Mayor's Director of Criminal Justice targets
law enforcement systemic organizational problems
Calls on factions to cooperate in search of proactive
to stem violent crime
Director of Criminal Justice, Allen Nance,
at yesterday's meeting of the Police Commission
By Aldrich M. Tan
May 11, 2006
Allen Nance, director of the Mayor's Office of Criminal Justice,
updated the police commission on the office's progress regarding
a review of the Police Department's organizational structure at
the police commission meeting Wednesday evening
"Our office has a tremendous amount of respect for the officers
of the police department that keep the community safe, solve crimes
and demonstrate the integrity of the city," Nance said.
The police commission applauded Nance's presentation and presence
at the meeting.
"I think you are the first representative from the Mayor's
Office to speak at this specific commission," commission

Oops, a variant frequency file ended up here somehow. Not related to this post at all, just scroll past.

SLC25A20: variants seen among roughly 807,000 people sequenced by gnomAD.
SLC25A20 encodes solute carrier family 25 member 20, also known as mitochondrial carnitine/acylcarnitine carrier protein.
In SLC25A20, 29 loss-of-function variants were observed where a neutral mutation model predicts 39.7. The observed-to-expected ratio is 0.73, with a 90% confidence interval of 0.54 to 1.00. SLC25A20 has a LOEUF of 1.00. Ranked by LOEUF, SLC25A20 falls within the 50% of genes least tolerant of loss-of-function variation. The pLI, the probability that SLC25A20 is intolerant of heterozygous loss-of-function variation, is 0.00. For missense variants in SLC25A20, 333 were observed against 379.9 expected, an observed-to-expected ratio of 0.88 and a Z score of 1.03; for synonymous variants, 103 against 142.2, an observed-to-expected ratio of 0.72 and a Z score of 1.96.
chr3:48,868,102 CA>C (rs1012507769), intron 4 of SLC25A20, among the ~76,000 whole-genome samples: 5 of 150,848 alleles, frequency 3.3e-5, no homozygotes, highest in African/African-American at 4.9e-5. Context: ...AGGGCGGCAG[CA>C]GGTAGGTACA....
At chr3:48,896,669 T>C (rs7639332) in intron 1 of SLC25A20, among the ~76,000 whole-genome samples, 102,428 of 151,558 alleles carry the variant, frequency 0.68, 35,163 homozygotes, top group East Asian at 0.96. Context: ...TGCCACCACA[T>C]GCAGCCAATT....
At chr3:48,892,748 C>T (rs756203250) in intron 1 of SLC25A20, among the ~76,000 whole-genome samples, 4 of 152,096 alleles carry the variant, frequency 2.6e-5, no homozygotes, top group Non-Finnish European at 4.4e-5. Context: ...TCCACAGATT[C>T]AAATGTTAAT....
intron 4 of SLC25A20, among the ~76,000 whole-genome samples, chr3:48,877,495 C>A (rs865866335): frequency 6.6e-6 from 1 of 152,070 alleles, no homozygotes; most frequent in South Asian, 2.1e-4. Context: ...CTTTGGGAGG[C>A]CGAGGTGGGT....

president Louise Renne said.
Police Commission President Louise Renne (right) and Commissioner
Nance said Mayor Gavin Newsom asked him several weeks ago to
lead the review. The review will address challenges that the Department
faces based on discussions with Police Chief Heather Fong, members
of the Police Department, local community members.
The most obvious issue in the department is upgrading information
technology, Nance said. The Office of Criminal Justice is overseeing
the development of a justice-integrated information project.
"Once it is in place, the system will help the department
manage its information and solve crimes effectively," Nance
Nance said the study also focuses on the development of the police's
recruitment program and an early intervention system, which will
provides feedback for relative officer performances and intervention
before behavior becomes problematic.
"San Francisco needs to work on bringing in good officers
from a variety of different places, not just locally, and identify
new officers that represent the city's diverse communities"